- Track II dialogue processes: In these types of processes, which are narrower than national dialogue processes, mid-level elites, often former government actors, come together to develop options for how to resolve a specific conflict. The outcomes of these processes are not binding, and the link to the track I level is crucial to their effectiveness. The Geneva Process between Israel and Palestine is an example.
- General mediation support: Rather than focusing on supporting a specific ongoing case, general mediation support aims to improve mediation practice and policy more widely, through various activities that include training, research, policy development and networking. These activities can contribute to the professionalization of the field. Much can be learned from one case that is relevant for another case – as long as learning proceeds carefully and ‘copy-paste’ approaches are avoided. Networking, such as by the UN Group of Friends of Mediation or the Mediation Support Network, facilitates learning, policy development and smoother collaboration on future cases. To be effective, general mediation support needs to be based on, and feed into, other mediation activities.
The UN definition of mediation (UN Guidance, p. 4) and the Mediation Support Network’s definition of mediation support provide guidance in categorizing the activities mentioned above. However, both definitions are broad, and, in daily usage, ‘mediation’ and ‘mediation support’ are sometimes used interchangeably.
The advantage of this broad understanding of mediation and mediation support is that if one of these types of activity is successful, the others also benefit. Peace diplomacy, typically, leads to high visibility. When this occurs, other forms of mediation and mediation support often use this visibility to their advantage. As ‘mediation’ in general becomes popular, it becomes easier to access resources. Furthermore, because there are synergies between different forms of mediation and mediation support, placing them all under the same umbrella may create synergies and improve their overall effectiveness – again, assuming it is done carefully.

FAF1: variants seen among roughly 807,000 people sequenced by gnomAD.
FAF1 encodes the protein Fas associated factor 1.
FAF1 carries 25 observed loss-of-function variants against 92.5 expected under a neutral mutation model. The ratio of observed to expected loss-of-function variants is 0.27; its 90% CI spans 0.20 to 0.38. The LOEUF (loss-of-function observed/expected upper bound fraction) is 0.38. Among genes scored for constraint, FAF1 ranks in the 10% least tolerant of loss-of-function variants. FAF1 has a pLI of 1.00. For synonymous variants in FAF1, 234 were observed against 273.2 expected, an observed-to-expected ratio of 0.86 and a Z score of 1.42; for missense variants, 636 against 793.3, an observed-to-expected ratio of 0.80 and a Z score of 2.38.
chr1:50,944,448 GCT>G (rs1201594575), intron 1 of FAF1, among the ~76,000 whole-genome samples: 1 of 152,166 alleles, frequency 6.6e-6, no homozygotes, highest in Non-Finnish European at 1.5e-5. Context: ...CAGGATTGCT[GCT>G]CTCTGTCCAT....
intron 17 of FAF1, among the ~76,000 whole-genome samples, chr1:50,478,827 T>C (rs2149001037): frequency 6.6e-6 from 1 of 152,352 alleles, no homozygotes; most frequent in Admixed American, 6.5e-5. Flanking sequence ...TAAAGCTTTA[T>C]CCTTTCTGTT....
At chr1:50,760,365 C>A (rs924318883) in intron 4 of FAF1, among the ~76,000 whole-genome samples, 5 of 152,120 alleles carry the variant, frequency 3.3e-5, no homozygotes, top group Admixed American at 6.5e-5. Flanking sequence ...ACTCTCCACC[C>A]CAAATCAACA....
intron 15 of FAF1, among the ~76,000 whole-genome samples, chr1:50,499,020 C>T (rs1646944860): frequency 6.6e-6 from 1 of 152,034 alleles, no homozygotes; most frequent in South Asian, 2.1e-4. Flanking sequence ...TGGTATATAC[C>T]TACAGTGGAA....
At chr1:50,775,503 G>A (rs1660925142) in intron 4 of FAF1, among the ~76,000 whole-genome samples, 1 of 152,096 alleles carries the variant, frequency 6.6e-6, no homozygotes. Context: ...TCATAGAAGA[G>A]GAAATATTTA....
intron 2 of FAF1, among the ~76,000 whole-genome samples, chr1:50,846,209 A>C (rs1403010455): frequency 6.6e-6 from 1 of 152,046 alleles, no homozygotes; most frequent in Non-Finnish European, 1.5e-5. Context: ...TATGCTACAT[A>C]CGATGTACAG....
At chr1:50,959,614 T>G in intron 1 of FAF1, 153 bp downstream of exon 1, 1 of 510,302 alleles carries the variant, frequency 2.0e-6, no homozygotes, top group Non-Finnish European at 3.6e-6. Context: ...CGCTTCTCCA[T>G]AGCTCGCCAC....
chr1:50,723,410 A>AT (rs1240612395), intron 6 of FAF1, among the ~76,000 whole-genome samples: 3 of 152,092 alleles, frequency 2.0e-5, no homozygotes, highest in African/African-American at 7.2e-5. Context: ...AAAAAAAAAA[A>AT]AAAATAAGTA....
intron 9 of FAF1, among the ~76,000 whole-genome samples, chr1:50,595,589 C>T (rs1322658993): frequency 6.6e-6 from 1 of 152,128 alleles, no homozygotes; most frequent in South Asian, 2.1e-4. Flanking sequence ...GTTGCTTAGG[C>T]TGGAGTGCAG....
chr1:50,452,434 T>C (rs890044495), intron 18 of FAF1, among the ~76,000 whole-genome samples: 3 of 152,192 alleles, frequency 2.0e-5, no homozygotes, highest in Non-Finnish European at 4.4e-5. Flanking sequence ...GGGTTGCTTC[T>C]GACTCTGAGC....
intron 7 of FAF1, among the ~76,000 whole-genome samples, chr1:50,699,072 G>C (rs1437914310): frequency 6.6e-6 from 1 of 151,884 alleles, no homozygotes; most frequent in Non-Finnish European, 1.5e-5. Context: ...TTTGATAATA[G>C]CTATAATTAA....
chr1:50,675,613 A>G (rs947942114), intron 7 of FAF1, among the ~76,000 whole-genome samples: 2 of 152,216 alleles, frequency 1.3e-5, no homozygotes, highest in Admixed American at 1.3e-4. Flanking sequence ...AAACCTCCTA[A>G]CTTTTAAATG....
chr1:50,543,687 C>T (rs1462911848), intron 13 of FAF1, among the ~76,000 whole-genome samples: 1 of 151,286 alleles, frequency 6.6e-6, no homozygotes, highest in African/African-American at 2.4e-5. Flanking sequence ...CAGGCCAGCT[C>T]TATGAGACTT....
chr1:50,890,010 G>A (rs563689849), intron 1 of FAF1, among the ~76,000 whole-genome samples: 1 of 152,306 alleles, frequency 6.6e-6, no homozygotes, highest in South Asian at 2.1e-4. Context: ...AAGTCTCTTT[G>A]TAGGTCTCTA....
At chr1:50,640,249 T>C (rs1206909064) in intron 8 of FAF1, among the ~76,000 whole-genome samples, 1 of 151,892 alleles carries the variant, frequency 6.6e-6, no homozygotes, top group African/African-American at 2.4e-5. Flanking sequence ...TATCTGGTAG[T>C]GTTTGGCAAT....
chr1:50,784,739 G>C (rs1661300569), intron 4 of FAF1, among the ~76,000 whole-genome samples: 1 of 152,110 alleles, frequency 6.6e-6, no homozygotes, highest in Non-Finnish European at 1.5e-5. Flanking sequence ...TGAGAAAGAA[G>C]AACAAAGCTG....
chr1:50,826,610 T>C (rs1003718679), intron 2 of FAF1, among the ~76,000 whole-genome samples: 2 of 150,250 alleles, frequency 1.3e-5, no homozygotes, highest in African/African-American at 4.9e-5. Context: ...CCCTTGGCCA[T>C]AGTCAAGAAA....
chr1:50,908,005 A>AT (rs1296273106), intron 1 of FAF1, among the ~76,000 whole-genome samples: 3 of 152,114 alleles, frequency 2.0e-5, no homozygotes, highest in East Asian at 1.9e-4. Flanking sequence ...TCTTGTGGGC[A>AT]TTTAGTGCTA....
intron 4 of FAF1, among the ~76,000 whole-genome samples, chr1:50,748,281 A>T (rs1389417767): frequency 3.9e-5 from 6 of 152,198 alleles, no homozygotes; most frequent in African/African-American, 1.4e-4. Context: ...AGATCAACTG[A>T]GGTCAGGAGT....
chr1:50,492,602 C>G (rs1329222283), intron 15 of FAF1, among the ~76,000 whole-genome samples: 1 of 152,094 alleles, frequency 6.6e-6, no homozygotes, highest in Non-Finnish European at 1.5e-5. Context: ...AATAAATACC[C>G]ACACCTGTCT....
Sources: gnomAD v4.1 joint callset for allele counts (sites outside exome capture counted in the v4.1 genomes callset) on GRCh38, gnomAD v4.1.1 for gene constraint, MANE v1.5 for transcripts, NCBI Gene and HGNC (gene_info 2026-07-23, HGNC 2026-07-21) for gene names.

However, the downside of this broad understanding and the interchangeable usage of ‘mediation’ and ‘mediation support’ is a confusion of approaches that can sometimes outweigh the advantages. The main problem is that different forms of mediation and mediation support require different types of expertise, human resources and institutional arrangements. This is why experts disagree on the length and depth of mediation training needed – with some arguing that training is not required at all, and others that three years is necessary. Without clarity about the form of ‘mediation’ in question, adequate human and institutional resources cannot be developed. Furthermore, if the most visible form of mediation, i.e., peace diplomacy, receives negative press, or conflict parties experience it as being ineffective, it will negatively affect other forms of mediation and mediation support by association.
The way forward could therefore be for the German Foreign Ministry – and indeed any foreign ministry or international organization seeking to expand its role in the field of mediation – to be clear about the forms of ‘mediation’ and ‘mediation support’ it aims to become involved in. The various options are not mutually exclusive and can even be complementary. However, to make use of synergies and avoid confusion, the similarities and differences between the various approaches have to first be clearly spelled out. This is important in order to establish the priority of the seven (or more) types of mediation and mediation support an organization aspires to. On this basis, an organization can then effectively target the appropriate human resources and institutional arrangements it needs to develop.
Simon J. A. Mason is a senior researcher and head of the Mediation Support Team at the Center for Security Studies (CSS).
“Mediation Perspectives” is a periodic blog entry provided by the CSS’ Mediation Support Team and occasional guest authors. Each entry is designed to highlight the utility of mediation approaches in dealing with violent political conflicts.